As a former biology teacher and amateur botanist, I have to admire a country that celebrates the spring cherry blossoms to the extent that the Japanese do. Everyone talks about the sakura or cherry blossoms that can be seen all over the city. There are many different species of cherries (Prunus spp.) and next year I intend to identify more of them. We had a hanami (blossom viewing party) at school. Everyone was talking about it and many people were having picnics under the trees. There are a lot of cherry trees in Japan. I saw hundreds of them all over the city. As you can see in the photos and video, they are a common tree in parks and they are used to line streets, streams, and reservoirs.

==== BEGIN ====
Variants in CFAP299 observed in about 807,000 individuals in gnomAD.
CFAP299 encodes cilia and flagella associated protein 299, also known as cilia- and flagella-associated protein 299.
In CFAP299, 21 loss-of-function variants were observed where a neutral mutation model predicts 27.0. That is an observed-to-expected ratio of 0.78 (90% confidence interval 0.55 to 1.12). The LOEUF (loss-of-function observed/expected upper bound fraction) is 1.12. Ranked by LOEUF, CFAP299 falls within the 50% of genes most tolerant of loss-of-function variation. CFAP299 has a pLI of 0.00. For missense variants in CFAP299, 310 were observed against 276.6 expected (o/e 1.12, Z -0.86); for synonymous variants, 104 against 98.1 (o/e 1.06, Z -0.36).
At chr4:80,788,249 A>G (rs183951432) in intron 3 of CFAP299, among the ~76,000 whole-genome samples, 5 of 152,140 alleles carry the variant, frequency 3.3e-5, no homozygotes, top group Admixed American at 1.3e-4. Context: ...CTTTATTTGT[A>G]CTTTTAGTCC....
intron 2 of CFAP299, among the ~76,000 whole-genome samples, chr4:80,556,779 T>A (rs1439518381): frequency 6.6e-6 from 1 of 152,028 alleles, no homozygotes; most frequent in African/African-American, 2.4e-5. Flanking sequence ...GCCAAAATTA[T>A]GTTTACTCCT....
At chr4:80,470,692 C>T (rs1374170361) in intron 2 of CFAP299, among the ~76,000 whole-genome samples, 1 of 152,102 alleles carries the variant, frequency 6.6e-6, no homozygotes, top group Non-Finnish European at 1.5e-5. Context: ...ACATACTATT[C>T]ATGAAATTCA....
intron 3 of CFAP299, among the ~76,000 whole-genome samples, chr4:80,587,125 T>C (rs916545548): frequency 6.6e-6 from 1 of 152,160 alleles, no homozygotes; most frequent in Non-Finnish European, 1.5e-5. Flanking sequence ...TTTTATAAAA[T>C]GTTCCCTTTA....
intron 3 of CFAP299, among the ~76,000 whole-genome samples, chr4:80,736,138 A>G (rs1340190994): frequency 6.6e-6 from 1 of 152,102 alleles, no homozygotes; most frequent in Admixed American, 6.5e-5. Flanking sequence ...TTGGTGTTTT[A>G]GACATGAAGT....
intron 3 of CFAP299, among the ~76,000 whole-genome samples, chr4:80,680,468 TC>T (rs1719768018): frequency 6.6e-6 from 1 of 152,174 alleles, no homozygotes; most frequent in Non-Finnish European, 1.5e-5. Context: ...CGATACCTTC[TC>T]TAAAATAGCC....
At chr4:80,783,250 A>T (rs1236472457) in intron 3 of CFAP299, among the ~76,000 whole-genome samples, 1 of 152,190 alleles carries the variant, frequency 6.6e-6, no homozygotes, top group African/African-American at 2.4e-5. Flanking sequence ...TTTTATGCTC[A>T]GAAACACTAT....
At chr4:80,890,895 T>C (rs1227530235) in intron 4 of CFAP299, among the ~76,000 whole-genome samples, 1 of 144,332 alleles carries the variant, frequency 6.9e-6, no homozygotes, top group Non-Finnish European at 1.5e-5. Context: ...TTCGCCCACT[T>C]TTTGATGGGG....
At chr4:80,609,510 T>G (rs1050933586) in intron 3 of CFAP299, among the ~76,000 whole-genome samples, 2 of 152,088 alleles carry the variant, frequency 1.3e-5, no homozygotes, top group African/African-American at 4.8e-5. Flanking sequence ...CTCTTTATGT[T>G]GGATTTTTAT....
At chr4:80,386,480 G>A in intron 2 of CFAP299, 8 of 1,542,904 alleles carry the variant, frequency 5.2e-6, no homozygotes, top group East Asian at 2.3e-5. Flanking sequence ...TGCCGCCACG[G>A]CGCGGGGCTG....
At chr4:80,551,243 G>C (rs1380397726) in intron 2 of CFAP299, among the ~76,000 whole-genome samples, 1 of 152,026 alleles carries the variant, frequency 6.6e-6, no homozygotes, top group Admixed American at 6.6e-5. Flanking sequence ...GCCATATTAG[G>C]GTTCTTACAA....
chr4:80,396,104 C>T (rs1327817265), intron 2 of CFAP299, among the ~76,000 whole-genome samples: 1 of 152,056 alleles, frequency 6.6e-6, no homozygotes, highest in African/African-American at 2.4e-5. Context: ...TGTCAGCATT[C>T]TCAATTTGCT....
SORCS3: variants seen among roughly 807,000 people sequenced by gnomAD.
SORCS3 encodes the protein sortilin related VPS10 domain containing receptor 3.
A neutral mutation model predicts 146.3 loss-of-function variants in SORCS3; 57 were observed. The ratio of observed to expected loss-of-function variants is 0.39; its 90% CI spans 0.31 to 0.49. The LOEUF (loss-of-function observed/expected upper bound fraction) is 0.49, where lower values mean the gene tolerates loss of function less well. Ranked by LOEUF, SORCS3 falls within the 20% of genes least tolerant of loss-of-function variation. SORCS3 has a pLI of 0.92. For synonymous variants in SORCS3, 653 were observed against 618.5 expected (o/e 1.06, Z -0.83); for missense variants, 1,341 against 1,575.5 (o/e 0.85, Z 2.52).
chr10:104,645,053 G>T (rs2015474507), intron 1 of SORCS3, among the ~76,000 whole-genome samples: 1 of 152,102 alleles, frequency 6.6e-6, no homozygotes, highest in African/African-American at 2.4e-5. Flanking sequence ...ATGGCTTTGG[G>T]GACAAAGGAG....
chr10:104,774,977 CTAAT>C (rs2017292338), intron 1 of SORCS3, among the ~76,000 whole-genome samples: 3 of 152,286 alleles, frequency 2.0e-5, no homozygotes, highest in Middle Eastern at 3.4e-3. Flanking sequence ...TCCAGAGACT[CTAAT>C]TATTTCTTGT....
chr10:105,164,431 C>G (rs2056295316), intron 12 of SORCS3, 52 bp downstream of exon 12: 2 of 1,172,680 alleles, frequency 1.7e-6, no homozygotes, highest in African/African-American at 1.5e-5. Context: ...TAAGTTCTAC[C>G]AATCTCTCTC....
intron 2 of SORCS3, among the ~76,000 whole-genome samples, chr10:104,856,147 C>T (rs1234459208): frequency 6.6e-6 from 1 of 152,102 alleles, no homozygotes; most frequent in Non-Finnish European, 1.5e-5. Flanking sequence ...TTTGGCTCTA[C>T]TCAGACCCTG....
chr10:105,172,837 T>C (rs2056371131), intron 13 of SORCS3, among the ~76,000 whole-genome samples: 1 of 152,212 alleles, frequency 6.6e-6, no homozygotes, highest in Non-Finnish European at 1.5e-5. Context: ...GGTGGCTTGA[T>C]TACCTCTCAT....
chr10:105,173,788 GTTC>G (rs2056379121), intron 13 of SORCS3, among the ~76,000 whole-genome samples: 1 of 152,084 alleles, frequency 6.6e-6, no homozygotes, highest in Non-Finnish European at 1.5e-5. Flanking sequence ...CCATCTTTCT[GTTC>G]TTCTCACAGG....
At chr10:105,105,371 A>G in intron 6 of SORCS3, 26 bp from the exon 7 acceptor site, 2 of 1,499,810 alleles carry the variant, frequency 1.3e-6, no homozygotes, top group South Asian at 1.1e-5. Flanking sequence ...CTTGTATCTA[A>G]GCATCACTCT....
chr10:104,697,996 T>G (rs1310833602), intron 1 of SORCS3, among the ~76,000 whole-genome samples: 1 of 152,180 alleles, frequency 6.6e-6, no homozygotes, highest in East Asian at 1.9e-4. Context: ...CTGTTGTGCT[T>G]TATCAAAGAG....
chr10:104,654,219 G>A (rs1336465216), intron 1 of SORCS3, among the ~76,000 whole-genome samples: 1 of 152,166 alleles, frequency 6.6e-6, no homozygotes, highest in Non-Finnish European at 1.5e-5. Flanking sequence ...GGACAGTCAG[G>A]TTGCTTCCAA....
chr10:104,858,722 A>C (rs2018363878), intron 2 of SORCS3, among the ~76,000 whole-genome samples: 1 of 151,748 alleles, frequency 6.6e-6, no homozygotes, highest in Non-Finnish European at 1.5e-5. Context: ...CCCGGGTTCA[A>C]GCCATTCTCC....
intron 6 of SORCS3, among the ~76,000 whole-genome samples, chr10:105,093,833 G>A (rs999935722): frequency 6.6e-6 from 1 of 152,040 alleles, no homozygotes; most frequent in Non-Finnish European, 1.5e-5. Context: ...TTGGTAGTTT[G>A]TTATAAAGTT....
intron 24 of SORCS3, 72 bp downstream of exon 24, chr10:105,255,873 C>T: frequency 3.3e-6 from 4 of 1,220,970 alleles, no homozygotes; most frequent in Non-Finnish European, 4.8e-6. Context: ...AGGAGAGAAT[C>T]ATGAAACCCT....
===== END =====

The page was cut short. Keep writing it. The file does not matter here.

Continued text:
The viewing of cherry blossoms started in the 700s here in Japan and at first the ume or plum tree was more celebrated. They are a symbol of the ephemeral nature of life, which has Buddhist influences. Stopping to “smell the roses” or cherries, here is a good lesson for all of us. Soak in as much of every day as you can!
The symbol of the cherry blossom was used by the military in the build up to and during World War II. Japanese kamikaze pilots painted them on the side of their planes. Today they have a more peaceful symbolic value.
Below is a video of my morning bike ride. Loving the spring morning runs and bike rides!